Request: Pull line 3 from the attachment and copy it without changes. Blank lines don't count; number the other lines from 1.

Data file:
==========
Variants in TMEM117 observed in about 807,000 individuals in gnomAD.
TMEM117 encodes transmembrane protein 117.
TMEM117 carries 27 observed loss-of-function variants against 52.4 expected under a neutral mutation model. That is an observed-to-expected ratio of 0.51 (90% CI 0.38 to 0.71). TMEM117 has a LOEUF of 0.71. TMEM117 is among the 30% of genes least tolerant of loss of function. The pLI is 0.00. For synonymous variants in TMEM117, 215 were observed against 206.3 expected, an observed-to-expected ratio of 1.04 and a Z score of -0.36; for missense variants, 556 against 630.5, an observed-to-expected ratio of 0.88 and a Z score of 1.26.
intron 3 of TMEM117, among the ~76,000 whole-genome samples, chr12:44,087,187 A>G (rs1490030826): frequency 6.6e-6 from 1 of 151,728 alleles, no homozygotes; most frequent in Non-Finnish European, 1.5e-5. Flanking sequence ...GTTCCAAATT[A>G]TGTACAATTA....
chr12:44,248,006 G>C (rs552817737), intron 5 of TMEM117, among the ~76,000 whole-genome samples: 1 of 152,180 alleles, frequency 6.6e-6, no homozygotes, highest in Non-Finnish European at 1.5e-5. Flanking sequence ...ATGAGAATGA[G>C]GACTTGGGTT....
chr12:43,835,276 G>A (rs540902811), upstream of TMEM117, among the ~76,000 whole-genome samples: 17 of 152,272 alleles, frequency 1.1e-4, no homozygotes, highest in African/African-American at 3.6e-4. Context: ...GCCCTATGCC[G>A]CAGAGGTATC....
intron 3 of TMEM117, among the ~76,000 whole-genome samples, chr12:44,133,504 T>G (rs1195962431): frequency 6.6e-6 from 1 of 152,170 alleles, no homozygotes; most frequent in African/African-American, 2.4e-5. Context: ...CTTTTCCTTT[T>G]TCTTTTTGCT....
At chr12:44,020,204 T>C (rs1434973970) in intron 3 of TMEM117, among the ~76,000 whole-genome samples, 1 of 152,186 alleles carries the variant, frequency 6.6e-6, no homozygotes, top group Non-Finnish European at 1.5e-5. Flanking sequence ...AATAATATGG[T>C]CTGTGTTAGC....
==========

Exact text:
TMEM117 carries 27 observed loss-of-function variants against 52.4 expected under a neutral mutation model. That is an observed-to-expected ratio of 0.51 (90% CI 0.38 to 0.71). TMEM117 has a LOEUF of 0.71. TMEM117 is among the 30% of genes least tolerant of loss of function. The pLI is 0.00. For synonymous variants in TMEM117, 215 were observed against 206.3 expected, an observed-to-expected ratio of 1.04 and a Z score of -0.36; for missense variants, 556 against 630.5, an observed-to-expected ratio of 0.88 and a Z score of 1.26.